When my brother Paul left for boot camp he asked for letters. He warned against drawings, photos or gifts – anything that might make him stand out. He’d heard horror stories about guys who received cookies from their families and were forced to eat all of them at once while the rest of the men did push-ups. I’m not sure if his worries are justified, but we were warned no extras, just news – news of home, news of family. “I’m not sure how much we’ll know about what’s going on in the rest of the world,” he said.
Again, I don’t know if they’ll share with my brother and the other men at boot camp news of the Boston Marathon and the tragedy that occurred there or if they do how it will be presented. I know it won’t be the same as if he heard it here at home.
Boston holds a special place in the heart of our family. My parents, who attended Eastern Nazarene College in Quincy for a time, were engaged on Washington Street. Paul, too spent some time at ENC and to my brother John and I, Boston was the Emerald City – our destination spot. When we crossed the bridge over the Charles and saw the city looming, we knew we weren’t in Kansas anymore or more accurately our rural town of Bethel, Vt.
We went to Boston for concerts and Star Trek conventions, to hear the likes of Prince, U2 and Sting. We went to visit the boy I loved and to tour Newbury Comics and Tower Records for vinyl and to search for specific songs we had heard on TV shows or on the radio as we entered the city. This was in the days before I-tunes and the Internet so finding a song you sought was like embarking on a scavenger hunt. You poured through bins of records in seedy used record stores tucked in basements or back alleys, searching based on a remembered lyric or a phrase that sounded like so and so, and when you scored the coveted item, when you took it home, put it on your record player, heard the first notes and realized you’d hit pay dirt, oh, the feeling was sweet. Then again, everything was. We were young.
Boston was exciting, but safe. For teens that had never ventured far beyond their one-street town, it held promise and possibility and the assurance that you could head out in the world and find your way. I learned to ride the T and where to get on and off for all our favorite haunts. I sometimes still hear the static-y announcement “Ahrlington” cried in its distinct Boston drawl in my dreams.
We would hit Boston in the morning and stay until late at night, speeding home, windows down in my brother’s mustang. We blasted cassettes of our favorite songs, creating our own soundtrack. We were cool, we were young, we were part of a world larger than ourselves. We might live in Bethel, but Boston held our hearts and it stands frozen in my memory, a time capsule of all that’s right.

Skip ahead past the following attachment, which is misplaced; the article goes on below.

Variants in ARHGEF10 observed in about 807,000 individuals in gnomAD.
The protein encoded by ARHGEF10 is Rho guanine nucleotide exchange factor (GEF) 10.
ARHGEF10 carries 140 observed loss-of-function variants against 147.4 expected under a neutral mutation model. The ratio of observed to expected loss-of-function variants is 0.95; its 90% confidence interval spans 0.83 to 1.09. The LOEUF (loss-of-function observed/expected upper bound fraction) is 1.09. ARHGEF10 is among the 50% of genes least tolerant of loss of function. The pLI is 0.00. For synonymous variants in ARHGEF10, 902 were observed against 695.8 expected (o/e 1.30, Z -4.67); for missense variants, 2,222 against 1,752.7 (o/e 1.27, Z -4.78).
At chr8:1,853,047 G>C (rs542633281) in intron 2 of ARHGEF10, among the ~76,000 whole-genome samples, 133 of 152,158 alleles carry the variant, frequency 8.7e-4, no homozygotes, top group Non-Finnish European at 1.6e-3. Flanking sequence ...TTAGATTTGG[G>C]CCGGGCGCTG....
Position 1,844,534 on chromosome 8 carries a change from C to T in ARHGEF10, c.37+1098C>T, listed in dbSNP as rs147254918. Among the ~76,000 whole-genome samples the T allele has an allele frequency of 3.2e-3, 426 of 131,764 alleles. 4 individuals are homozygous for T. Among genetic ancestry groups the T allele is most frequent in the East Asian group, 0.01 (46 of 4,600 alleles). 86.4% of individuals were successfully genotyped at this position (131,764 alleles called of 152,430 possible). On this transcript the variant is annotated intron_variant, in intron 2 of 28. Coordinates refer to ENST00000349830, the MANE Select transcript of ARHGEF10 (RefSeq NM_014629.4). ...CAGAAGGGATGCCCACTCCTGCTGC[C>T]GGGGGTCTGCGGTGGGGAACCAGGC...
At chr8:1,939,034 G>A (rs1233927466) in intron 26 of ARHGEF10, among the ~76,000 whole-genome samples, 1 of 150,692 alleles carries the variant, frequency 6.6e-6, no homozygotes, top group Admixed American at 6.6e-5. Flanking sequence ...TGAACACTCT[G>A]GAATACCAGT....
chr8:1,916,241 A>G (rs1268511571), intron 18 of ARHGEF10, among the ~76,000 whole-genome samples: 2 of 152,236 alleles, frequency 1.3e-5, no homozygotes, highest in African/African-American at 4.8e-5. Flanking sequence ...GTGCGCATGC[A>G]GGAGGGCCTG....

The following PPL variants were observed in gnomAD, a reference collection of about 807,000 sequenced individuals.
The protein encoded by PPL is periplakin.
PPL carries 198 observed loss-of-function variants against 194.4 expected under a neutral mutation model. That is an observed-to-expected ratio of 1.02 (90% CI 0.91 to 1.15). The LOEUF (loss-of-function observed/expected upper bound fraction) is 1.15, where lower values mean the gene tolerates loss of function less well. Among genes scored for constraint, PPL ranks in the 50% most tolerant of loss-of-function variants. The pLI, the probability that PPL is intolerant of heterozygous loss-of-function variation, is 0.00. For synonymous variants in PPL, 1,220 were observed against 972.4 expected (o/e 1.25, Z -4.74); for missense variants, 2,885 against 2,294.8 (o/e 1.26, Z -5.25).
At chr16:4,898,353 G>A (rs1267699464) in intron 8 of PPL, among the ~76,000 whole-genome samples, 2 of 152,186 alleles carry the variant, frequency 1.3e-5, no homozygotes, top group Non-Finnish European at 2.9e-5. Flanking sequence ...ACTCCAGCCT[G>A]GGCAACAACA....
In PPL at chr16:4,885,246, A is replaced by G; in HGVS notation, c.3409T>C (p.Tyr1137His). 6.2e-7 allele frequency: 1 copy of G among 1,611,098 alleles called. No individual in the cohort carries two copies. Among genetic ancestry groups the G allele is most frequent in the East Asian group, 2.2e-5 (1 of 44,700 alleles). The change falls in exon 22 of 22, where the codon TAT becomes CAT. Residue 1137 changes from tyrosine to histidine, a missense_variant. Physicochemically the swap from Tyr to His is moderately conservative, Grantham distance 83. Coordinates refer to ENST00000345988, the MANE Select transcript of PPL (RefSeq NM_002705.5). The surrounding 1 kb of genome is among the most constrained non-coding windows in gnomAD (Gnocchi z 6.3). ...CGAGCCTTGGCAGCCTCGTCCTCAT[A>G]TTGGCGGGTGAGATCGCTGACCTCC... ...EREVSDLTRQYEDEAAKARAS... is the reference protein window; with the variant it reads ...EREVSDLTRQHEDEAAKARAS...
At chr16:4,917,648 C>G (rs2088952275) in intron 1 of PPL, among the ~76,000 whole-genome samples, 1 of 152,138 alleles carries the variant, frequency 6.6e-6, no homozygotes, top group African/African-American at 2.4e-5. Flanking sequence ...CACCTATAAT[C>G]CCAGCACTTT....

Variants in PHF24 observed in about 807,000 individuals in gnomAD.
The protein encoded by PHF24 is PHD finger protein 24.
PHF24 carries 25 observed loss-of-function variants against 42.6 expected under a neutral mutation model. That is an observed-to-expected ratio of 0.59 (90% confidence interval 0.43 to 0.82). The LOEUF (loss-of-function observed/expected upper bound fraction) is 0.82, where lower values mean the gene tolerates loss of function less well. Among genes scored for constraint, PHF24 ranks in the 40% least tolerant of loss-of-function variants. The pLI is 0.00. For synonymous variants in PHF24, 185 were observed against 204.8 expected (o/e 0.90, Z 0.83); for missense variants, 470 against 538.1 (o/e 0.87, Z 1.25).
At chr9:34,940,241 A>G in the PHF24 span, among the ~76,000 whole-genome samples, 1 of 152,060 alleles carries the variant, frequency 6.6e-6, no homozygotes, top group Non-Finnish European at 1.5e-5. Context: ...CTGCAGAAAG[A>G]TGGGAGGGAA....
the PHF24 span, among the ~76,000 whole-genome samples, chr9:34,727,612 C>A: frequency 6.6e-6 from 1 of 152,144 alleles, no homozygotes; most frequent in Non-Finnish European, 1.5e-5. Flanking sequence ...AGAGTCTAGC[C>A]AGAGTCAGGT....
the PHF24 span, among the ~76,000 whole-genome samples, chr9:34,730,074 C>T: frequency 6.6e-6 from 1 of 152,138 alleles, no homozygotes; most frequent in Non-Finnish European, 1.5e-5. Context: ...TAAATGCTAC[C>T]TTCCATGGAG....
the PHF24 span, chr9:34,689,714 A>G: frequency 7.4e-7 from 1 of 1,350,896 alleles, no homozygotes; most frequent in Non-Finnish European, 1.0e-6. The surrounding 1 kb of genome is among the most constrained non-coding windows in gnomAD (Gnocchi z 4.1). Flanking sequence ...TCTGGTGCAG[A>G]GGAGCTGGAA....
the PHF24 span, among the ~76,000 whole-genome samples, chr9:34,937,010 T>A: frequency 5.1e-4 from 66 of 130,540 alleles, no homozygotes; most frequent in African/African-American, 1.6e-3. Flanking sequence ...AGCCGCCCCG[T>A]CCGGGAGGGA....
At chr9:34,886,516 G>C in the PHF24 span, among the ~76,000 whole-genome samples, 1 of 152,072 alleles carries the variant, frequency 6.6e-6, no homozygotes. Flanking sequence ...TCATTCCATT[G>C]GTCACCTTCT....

These are things my brother Paul understands although he was still too young when we were making these journeys to come along, but he has his own tales of the city to tell. The last time we were there together with his wife Leah, he took us on a tour of some of his college hangouts, ending in a field in the darkness. Leah and I joked as he parked the car that he was taking us out to the woods to kill us, but somehow as we walked the narrow path together we felt safe. The bright lights in the distance looked out over us, keeping a watchful eye. We called home to let my Mom, who was watching their kids, know we would be late, and we stopped for pizza at a greasy Italian sub shop. Paul and I volleyed tidbits of conversation back and forth as we battled to share with Leah all our memories of the city.
If Paul were here he’d likely have called me on his cell to ask if I’d heard the news. He is always the first to inform me of world events. He probably would have made some jibe, as we are likely to throw at each other, turning it into something political. But, it would be half-hearted in light of such tragedy. I don’t know if someone has shared with my brother this horrible event, likely he’ll hear about it before I tell him. There are no real silver linings in tragedies like this, but we cling to those things that bring us hope such as the good in those who tried to help. We offer our memories of marathons and cities that once seemed safe. We pray for a better world. And, in our confusion we turn to each other because it is not news we revel in at times like this, but in our shared humanity. We reach for those we love, seeking safe harbor and nod to everyone else, drawing them too, a little bit closer. The news is, at times like this, we realize everyone's our brother.